Most financial ratios are important for your CFA level 1 exam. Here is an extensive list of these ratios. You can also download AnalystPrep ratio sheet by clicking on this link.
Activity ratios measure how efficiently a company performs day-to-day tasks, such as the collection of receivables and management of inventory. The table below clarifies how to calculate most of the activity ratios.
Liquidity ratios measure the company’s ability to meet its short-term obligations and how quickly assets are converted into cash. The following table explains how to calculate the major liquidity ratios.
Solvency ratios measure a company’s ability to meet long-term obligations. Subsets of these ratios are also known as “leverage” and “long-term debt” ratios.
Profitability ratios measure the company’s ability to generate profits from its resources (assets). The table below shows the calculations of these ratios.
Valuation ratios measure the quantity of an asset or flow (i.e., earnings) associated with ownership of a specified claim (i.e., a share or ownership of the enterprise). The following tables show the most of the common valuation ratios.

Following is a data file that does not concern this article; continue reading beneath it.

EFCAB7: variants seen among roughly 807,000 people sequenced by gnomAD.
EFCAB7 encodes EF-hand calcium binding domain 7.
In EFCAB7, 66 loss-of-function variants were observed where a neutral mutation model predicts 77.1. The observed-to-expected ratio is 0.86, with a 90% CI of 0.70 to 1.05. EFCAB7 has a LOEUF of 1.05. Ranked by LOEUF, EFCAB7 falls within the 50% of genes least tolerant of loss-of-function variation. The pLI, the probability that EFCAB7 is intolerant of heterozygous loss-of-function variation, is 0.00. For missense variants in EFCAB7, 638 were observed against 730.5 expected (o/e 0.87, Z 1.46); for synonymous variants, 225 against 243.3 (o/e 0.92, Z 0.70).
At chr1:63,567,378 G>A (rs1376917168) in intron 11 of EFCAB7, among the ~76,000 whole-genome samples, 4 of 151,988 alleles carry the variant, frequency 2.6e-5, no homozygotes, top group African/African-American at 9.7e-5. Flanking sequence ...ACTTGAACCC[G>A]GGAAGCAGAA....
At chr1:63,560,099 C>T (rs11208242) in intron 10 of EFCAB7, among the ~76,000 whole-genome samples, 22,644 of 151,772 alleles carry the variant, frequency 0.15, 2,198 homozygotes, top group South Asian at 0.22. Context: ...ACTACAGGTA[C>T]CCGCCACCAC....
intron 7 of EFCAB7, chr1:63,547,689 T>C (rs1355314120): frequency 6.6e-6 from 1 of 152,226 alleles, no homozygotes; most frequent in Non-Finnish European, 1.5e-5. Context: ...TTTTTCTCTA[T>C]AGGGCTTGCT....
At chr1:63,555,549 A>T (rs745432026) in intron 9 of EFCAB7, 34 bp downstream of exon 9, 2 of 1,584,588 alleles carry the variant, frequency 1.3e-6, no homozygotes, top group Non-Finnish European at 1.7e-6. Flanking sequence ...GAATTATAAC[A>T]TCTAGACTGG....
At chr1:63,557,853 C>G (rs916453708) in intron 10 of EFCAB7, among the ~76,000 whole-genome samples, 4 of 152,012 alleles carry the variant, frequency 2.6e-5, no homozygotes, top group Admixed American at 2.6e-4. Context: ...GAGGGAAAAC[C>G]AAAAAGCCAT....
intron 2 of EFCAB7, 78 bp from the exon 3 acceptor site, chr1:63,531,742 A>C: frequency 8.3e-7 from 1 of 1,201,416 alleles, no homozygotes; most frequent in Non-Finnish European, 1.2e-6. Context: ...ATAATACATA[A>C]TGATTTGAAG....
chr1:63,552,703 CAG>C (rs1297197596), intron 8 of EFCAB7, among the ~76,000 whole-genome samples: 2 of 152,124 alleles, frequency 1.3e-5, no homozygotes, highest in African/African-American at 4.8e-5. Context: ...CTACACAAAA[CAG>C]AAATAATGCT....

Credit ratios are important tools for analysts when doing credit analysis.
Leverage ratios measure the extent to which a company uses liabilities rather than equity to finance its assets.
A Debt is defined as the sum of interest-bearing short-term and long-term debt.
Segment ratios are important for segment reporting. Remember that a company doesn’t have to disclose information about all of its segments; they only need to be disclosed if that segment constitutes 10 percent or more of the combined operating segments’ revenue, assets, or profit.
If the revenue of the reported segments is less than 75% of the revenue of the entire company, more segments must be reported until the 75% level is reached.
Performance ratios are based on CFO. CFO is operating cash flow under US GAAP or under IFRS, conditional to the fact that the company includes interest paid in operating activities.